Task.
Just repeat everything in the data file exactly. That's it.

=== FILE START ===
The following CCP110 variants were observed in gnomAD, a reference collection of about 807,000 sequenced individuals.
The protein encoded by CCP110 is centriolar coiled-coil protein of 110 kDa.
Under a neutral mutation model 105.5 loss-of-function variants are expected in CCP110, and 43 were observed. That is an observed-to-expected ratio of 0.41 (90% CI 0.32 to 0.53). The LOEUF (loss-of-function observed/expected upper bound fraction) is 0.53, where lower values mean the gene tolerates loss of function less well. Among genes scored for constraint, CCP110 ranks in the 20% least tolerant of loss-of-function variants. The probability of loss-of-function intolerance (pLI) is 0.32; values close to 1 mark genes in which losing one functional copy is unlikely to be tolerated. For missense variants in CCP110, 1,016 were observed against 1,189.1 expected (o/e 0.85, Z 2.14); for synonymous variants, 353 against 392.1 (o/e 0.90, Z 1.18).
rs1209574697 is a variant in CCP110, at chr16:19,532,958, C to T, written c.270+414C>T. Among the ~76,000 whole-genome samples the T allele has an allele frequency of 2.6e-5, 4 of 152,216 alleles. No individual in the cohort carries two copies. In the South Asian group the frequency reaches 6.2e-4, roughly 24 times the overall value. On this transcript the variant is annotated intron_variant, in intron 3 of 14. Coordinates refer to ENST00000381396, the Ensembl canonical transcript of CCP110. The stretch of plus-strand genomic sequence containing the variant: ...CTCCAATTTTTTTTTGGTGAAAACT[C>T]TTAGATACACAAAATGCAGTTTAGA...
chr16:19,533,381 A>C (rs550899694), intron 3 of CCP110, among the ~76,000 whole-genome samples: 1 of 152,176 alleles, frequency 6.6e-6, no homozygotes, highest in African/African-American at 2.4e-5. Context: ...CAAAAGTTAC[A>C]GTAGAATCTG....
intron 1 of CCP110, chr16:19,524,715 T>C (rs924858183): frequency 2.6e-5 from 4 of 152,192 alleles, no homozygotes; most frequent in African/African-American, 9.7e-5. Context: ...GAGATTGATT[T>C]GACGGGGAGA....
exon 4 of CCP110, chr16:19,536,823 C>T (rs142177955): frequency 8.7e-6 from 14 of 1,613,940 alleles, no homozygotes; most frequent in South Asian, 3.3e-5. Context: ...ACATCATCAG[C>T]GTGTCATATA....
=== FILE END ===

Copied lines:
The following CCP110 variants were observed in gnomAD, a reference collection of about 807,000 sequenced individuals.
The protein encoded by CCP110 is centriolar coiled-coil protein of 110 kDa.
Under a neutral mutation model 105.5 loss-of-function variants are expected in CCP110, and 43 were observed. That is an observed-to-expected ratio of 0.41 (90% CI 0.32 to 0.53). The LOEUF (loss-of-function observed/expected upper bound fraction) is 0.53, where lower values mean the gene tolerates loss of function less well. Among genes scored for constraint, CCP110 ranks in the 20% least tolerant of loss-of-function variants. The probability of loss-of-function intolerance (pLI) is 0.32; values close to 1 mark genes in which losing one functional copy is unlikely to be tolerated. For missense variants in CCP110, 1,016 were observed against 1,189.1 expected (o/e 0.85, Z 2.14); for synonymous variants, 353 against 392.1 (o/e 0.90, Z 1.18).
rs1209574697 is a variant in CCP110, at chr16:19,532,958, C to T, written c.270+414C>T. Among the ~76,000 whole-genome samples the T allele has an allele frequency of 2.6e-5, 4 of 152,216 alleles. No individual in the cohort carries two copies. In the South Asian group the frequency reaches 6.2e-4, roughly 24 times the overall value. On this transcript the variant is annotated intron_variant, in intron 3 of 14. Coordinates refer to ENST00000381396, the Ensembl canonical transcript of CCP110. The stretch of plus-strand genomic sequence containing the variant: ...CTCCAATTTTTTTTTGGTGAAAACT[C>T]TTAGATACACAAAATGCAGTTTAGA...
chr16:19,533,381 A>C (rs550899694), intron 3 of CCP110, among the ~76,000 whole-genome samples: 1 of 152,176 alleles, frequency 6.6e-6, no homozygotes, highest in African/African-American at 2.4e-5. Context: ...CAAAAGTTAC[A>C]GTAGAATCTG....
intron 1 of CCP110, chr16:19,524,715 T>C (rs924858183): frequency 2.6e-5 from 4 of 152,192 alleles, no homozygotes; most frequent in African/African-American, 9.7e-5. Context: ...GAGATTGATT[T>C]GACGGGGAGA....
exon 4 of CCP110, chr16:19,536,823 C>T (rs142177955): frequency 8.7e-6 from 14 of 1,613,940 alleles, no homozygotes; most frequent in South Asian, 3.3e-5. Context: ...ACATCATCAG[C>T]GTGTCATATA....